Narratives of cyberbullying in New Zealand secondary schools : reconceptualising cyberbullying as a social practice : a thesis presented in partial fulfilment of the requirements for the degree of Doctor of Clinical Psychology at Massey University, Albany, New Zealand

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Massey University
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Currently, dominant conceptualisations of cyberbullying in academic literature and the New Zealand mass media locate the issue within ‘problem’ and ‘deviant’ individuals. This often leads to intervention efforts being directed at the individual level. To date, there is a paucity of research which investigates how cyberbullying occurs in practice and little insight into how numerous individuals engage collectively in such practices. This research explores the structural relations which produce and reproduce cyberbullying behaviours. Sixteen students who had either engaged in cyberbullying and/or experienced cyber-victimisation participated in narrative interviews. Data was analysed through a combination of narrative and discursive methods, examining the dominant constructions of cyberbullying and the various subject positions made available through them, along with the associated material effects. Student stories were integrated to form one overarching narrative consisting of four sub-narratives: ‘It’s Kill or be Killed’, ‘Leaders of the Pack’, ‘Constructing the Other’, and ‘Hunting the Other’. The overarching narrative was then concluded with an epilogue titled, ‘Beyond Brutality’. Overall, these narratives produce and reproduce cyberbullying practices by partitioning social relations into ‘us’ (the ‘cyberbullies’) versus ‘them’ (the ‘cybervictims’). By locating the issue of cyberbullying within a wider culture, this research challenges dominant conceptualisations of cyberbullying as an individualistic phenomenon. The implications of these findings for clinicians, teachers, parents and the broader community, are discussed.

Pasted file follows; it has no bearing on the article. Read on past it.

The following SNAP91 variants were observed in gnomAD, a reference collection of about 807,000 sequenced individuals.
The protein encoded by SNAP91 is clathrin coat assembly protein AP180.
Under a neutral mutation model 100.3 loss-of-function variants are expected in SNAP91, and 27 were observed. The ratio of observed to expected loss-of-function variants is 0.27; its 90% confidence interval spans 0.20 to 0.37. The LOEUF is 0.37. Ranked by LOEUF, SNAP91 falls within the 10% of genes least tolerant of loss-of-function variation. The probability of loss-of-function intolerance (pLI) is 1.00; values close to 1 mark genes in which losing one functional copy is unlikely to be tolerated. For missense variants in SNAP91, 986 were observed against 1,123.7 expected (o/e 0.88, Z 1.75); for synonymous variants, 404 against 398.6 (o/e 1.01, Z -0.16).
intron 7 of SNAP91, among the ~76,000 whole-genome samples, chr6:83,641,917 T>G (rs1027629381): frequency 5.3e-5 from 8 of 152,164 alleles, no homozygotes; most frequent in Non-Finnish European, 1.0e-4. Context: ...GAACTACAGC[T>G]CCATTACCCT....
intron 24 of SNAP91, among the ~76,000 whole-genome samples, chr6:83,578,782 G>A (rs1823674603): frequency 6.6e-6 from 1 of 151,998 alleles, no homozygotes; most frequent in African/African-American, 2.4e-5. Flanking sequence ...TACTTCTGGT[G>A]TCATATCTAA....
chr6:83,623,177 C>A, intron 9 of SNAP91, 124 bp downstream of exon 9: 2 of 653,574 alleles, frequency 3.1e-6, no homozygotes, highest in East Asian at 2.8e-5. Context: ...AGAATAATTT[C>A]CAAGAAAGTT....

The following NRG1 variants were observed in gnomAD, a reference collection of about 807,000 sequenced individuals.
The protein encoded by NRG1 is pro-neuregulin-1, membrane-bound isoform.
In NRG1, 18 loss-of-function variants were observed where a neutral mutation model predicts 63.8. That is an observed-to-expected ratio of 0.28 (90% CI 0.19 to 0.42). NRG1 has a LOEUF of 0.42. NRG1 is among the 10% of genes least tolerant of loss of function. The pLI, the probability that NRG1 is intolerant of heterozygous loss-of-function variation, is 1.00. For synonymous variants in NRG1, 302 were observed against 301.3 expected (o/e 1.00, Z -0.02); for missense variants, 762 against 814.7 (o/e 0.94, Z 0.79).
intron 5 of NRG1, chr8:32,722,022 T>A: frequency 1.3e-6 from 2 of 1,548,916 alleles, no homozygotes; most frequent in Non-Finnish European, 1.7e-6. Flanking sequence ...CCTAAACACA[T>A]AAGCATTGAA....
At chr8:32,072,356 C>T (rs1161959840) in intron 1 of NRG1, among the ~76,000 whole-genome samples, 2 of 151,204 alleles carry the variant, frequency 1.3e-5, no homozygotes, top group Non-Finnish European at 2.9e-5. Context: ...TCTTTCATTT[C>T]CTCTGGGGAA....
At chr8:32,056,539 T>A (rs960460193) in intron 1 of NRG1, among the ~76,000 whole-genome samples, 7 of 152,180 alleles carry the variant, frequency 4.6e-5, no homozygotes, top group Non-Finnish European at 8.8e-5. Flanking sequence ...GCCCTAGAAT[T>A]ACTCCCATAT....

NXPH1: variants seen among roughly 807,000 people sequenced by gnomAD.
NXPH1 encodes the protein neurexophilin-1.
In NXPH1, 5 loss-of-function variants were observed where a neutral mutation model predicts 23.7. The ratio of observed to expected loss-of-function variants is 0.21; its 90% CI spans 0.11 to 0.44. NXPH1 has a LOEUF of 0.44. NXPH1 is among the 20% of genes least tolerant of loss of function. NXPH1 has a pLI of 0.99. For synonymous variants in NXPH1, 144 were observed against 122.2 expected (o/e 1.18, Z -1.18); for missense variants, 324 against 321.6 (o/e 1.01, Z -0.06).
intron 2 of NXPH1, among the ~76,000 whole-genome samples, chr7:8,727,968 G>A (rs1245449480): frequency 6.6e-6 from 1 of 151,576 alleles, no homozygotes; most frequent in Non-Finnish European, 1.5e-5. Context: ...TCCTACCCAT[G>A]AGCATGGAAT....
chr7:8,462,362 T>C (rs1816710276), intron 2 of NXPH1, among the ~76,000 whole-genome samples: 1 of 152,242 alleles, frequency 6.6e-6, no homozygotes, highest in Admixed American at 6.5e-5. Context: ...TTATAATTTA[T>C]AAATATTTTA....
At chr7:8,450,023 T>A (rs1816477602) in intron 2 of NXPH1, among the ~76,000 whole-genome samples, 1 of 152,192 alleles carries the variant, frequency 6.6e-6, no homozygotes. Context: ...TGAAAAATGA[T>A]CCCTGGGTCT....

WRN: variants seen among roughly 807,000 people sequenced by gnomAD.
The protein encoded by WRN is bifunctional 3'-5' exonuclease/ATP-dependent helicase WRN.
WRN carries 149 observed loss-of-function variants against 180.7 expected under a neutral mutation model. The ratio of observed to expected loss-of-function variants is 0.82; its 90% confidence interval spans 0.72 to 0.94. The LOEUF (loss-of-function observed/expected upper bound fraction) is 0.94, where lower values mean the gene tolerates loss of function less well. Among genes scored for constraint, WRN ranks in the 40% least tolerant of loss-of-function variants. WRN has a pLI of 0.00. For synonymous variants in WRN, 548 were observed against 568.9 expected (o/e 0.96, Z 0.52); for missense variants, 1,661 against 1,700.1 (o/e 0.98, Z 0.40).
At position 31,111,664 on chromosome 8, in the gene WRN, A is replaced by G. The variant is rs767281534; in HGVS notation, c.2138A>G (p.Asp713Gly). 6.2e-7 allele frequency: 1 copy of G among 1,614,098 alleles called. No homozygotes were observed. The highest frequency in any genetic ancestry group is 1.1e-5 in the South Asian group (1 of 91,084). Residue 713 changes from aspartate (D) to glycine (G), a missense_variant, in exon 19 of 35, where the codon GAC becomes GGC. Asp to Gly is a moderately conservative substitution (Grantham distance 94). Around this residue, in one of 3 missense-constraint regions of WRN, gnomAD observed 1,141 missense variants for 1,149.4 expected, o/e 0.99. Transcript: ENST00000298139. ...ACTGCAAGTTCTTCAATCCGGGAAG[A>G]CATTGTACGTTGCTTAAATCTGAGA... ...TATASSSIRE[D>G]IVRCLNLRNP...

Cyberbullying, Social aspects, New Zealand, High school students, Attitudes